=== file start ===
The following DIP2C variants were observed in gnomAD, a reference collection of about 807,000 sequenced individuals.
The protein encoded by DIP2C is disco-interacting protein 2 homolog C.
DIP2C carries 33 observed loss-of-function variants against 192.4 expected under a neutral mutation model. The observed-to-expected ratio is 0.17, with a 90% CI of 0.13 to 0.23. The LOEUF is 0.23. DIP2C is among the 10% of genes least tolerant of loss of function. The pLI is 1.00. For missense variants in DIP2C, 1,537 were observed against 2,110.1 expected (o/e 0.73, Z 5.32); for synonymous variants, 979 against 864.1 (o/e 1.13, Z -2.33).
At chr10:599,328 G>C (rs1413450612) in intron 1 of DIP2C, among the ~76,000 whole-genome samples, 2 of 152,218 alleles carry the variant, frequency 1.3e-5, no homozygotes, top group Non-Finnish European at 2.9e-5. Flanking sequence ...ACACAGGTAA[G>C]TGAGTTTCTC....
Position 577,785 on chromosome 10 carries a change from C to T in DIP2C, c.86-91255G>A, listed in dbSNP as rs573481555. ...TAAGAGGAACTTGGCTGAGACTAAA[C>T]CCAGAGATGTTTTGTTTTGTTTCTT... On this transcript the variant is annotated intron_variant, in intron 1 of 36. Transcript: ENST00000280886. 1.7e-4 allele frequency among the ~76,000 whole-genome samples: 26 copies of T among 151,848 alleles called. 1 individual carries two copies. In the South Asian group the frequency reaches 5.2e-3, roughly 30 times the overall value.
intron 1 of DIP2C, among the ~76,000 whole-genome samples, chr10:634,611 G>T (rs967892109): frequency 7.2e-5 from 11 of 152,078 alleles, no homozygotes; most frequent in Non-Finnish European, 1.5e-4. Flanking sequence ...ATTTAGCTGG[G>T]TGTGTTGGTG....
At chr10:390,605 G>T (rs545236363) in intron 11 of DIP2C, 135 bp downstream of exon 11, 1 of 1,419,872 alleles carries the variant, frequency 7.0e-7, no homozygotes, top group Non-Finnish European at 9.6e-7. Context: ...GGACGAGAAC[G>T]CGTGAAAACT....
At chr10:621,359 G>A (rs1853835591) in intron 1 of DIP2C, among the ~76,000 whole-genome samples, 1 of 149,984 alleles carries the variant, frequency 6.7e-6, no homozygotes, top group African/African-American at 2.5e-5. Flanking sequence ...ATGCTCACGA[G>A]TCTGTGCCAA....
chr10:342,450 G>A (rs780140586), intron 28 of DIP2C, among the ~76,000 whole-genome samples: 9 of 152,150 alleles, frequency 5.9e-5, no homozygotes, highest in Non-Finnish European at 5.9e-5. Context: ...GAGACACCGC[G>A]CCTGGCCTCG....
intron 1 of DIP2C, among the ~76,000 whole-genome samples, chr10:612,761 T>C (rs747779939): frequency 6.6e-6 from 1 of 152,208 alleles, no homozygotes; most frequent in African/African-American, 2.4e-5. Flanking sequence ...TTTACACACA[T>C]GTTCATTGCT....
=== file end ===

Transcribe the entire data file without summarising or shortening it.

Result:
The following DIP2C variants were observed in gnomAD, a reference collection of about 807,000 sequenced individuals.
The protein encoded by DIP2C is disco-interacting protein 2 homolog C.
DIP2C carries 33 observed loss-of-function variants against 192.4 expected under a neutral mutation model. The observed-to-expected ratio is 0.17, with a 90% CI of 0.13 to 0.23. The LOEUF is 0.23. DIP2C is among the 10% of genes least tolerant of loss of function. The pLI is 1.00. For missense variants in DIP2C, 1,537 were observed against 2,110.1 expected (o/e 0.73, Z 5.32); for synonymous variants, 979 against 864.1 (o/e 1.13, Z -2.33).
At chr10:599,328 G>C (rs1413450612) in intron 1 of DIP2C, among the ~76,000 whole-genome samples, 2 of 152,218 alleles carry the variant, frequency 1.3e-5, no homozygotes, top group Non-Finnish European at 2.9e-5. Flanking sequence ...ACACAGGTAA[G>C]TGAGTTTCTC....
Position 577,785 on chromosome 10 carries a change from C to T in DIP2C, c.86-91255G>A, listed in dbSNP as rs573481555. ...TAAGAGGAACTTGGCTGAGACTAAA[C>T]CCAGAGATGTTTTGTTTTGTTTCTT... On this transcript the variant is annotated intron_variant, in intron 1 of 36. Transcript: ENST00000280886. 1.7e-4 allele frequency among the ~76,000 whole-genome samples: 26 copies of T among 151,848 alleles called. 1 individual carries two copies. In the South Asian group the frequency reaches 5.2e-3, roughly 30 times the overall value.
intron 1 of DIP2C, among the ~76,000 whole-genome samples, chr10:634,611 G>T (rs967892109): frequency 7.2e-5 from 11 of 152,078 alleles, no homozygotes; most frequent in Non-Finnish European, 1.5e-4. Flanking sequence ...ATTTAGCTGG[G>T]TGTGTTGGTG....
At chr10:390,605 G>T (rs545236363) in intron 11 of DIP2C, 135 bp downstream of exon 11, 1 of 1,419,872 alleles carries the variant, frequency 7.0e-7, no homozygotes, top group Non-Finnish European at 9.6e-7. Context: ...GGACGAGAAC[G>T]CGTGAAAACT....
At chr10:621,359 G>A (rs1853835591) in intron 1 of DIP2C, among the ~76,000 whole-genome samples, 1 of 149,984 alleles carries the variant, frequency 6.7e-6, no homozygotes, top group African/African-American at 2.5e-5. Flanking sequence ...ATGCTCACGA[G>A]TCTGTGCCAA....
chr10:342,450 G>A (rs780140586), intron 28 of DIP2C, among the ~76,000 whole-genome samples: 9 of 152,150 alleles, frequency 5.9e-5, no homozygotes, highest in Non-Finnish European at 5.9e-5. Context: ...GAGACACCGC[G>A]CCTGGCCTCG....
intron 1 of DIP2C, among the ~76,000 whole-genome samples, chr10:612,761 T>C (rs747779939): frequency 6.6e-6 from 1 of 152,208 alleles, no homozygotes; most frequent in African/African-American, 2.4e-5. Flanking sequence ...TTTACACACA[T>C]GTTCATTGCT....